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Environmental Engineer: Job Outlook & Career Info

Learn about a career as an environmental engineer. Explore the job description, duties, education requirements, employment outlook and salary. Then you can determine if this is the right career for you.

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Career Definition for an Environmental Engineer

Environmental engineers are a specific kind of engineer who study, evaluate and design solutions to environmental problems. Some areas of the environment they're involved with include water and air pollution control, recycling, waste disposal, global warming, acid rain and ozone depletion. Common job duties of an environmental engineer include consulting with clients, surveying sites, taking measurements, analyzing data and performing quality control checks.

Education Bachelor's degree in engineering
Job Skills Strong math and science skills, diligence, and precision
Median Salary (2015)* $84,560 per year
Job Growth (2014-2024)* 12%

Source: *U.S. Bureau of Labor Statistics

Required Education

To become an environmental engineer, you'll need a bachelor's degree in engineering. Coursework in a 4-year, bachelor's program in engineering includes mathematics, physics, calculus, biology, chemistry, general engineering, design and courses specific to engineering specializations. Once you've finished an accredited engineering program, you'll need to meet the requirements and pass any examinations in your state to become licensed as an environmental engineer.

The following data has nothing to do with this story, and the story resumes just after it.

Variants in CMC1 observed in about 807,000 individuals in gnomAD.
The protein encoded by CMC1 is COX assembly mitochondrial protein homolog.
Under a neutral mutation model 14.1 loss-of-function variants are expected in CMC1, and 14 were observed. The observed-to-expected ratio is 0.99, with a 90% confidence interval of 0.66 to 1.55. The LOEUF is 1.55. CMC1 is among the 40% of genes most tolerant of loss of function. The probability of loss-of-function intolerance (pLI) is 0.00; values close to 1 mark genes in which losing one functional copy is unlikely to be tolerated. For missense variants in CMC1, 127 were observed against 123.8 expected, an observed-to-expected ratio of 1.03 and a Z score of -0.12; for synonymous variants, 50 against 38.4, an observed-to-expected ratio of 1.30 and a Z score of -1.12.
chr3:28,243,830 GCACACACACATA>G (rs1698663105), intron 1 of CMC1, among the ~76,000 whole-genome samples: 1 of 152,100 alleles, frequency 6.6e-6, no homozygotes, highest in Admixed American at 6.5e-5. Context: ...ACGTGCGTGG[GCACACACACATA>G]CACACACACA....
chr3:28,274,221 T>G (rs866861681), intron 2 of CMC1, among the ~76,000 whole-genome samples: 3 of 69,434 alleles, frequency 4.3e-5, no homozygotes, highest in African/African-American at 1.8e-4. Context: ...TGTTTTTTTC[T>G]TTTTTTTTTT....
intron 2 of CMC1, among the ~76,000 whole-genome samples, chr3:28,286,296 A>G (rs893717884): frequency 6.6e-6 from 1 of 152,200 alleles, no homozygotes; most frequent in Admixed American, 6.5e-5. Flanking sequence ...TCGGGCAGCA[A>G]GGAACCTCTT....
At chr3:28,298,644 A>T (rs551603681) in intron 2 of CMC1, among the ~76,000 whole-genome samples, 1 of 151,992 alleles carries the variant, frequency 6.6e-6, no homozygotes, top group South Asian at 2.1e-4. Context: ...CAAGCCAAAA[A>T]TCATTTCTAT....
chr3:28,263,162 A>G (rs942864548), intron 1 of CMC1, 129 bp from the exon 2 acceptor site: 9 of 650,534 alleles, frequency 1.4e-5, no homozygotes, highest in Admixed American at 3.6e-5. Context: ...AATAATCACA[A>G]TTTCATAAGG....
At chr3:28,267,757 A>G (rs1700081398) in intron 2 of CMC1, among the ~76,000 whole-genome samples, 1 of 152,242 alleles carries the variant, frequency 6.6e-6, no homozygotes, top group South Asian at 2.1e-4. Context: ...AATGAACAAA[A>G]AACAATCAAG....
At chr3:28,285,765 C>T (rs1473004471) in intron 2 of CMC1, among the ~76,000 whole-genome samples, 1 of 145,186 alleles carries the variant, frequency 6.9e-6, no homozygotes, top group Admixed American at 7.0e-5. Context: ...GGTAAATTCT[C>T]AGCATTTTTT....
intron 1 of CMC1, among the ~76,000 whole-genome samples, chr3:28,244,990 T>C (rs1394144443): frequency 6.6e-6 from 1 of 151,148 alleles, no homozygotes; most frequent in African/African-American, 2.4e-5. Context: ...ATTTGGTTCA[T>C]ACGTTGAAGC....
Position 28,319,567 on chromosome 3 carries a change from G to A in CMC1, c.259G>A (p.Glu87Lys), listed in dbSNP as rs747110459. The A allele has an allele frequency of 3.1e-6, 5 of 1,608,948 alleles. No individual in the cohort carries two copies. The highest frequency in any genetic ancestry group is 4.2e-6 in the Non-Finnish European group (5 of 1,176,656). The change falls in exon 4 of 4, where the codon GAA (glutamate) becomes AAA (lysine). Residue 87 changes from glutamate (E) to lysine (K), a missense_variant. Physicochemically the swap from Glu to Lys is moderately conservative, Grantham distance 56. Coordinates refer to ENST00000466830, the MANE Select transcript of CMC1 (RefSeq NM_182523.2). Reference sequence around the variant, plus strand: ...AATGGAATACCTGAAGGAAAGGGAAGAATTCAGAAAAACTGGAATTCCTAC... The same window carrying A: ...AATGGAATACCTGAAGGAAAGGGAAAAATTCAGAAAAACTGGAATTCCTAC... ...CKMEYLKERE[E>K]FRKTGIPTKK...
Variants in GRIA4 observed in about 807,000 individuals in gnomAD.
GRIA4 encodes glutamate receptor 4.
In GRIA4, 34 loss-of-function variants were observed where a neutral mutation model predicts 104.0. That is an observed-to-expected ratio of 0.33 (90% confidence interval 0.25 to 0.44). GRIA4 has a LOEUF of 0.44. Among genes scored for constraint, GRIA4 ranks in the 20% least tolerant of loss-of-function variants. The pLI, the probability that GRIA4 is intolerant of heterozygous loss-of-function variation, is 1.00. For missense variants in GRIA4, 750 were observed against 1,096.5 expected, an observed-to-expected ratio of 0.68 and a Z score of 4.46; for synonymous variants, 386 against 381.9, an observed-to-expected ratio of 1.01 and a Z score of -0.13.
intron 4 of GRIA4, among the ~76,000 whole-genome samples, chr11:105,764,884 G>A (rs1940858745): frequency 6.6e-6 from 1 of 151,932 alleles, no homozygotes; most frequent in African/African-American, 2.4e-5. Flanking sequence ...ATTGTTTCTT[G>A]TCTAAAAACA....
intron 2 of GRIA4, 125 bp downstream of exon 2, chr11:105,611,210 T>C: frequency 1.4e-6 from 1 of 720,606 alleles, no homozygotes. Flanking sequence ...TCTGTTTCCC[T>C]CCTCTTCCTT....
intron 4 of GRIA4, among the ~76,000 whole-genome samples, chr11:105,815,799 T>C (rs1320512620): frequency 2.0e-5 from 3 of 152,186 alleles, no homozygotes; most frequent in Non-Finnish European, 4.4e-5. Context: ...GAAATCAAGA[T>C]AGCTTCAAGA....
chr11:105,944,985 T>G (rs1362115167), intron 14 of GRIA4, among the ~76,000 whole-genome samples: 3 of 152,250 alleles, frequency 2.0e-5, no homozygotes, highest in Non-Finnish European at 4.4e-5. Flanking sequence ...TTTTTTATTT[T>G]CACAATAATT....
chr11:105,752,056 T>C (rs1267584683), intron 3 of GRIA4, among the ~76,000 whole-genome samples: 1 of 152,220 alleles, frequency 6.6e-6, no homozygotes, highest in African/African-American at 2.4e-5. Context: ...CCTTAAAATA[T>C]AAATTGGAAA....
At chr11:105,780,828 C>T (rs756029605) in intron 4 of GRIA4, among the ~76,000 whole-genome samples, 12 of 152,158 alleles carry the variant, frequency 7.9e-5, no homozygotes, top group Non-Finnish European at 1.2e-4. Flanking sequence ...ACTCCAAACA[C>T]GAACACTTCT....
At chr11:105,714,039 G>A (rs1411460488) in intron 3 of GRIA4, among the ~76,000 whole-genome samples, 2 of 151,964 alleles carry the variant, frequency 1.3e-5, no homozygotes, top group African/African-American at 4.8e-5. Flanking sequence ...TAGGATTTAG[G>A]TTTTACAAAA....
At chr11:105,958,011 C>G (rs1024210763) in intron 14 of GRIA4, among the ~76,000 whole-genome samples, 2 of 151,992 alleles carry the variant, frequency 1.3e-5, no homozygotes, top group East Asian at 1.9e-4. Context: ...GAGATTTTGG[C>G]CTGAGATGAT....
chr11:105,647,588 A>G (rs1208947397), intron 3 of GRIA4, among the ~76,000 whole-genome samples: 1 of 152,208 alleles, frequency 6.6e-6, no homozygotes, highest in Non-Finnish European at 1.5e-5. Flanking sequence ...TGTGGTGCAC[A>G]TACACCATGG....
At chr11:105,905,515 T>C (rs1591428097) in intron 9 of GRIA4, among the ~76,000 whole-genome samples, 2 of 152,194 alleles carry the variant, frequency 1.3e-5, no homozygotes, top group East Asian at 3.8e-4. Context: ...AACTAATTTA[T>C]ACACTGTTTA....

Skills Required

Environmental engineers need to have very strong math and science skills. Diligence and precision will help you to be successful as an environmental engineer.

Employment and Economic Outlook

The employment outlook for environmental engineers is good, with the U.S. Bureau of Labor Statistics (BLS) projecting employment in this field to grow by 12% from 2014-2024. The median annual earnings for environmental engineers in 2015 were $84,560.

Alternate Career Options

Careers that are similar to an environmental engineer include:

Environmental Scientist and Specialist

With at least a bachelor's degree in natural sciences, these professionals work toward protecting the environment by cleaning up pollution, reducing industry waste and advising policy makers. From 2014-2024, the BLS forecast faster than average employment growth for this field of 11%. The annual median salary revealed by the BLS in 2015 for these scientists and specialists was $67,460.

Environmental Engineering Technician

Faster than average increases in available jobs of 10% for these techs were expected during the 2014-2024 decade, the BLS said. Normally having a 2-year degree in environmental engineering or a similar field, environmental engineering technicians follow the plans made by environmental engineers to test and modify the equipment used for pollution clean-up. In 2015, the BLS reported median wages of $48,650 per year for this profession.

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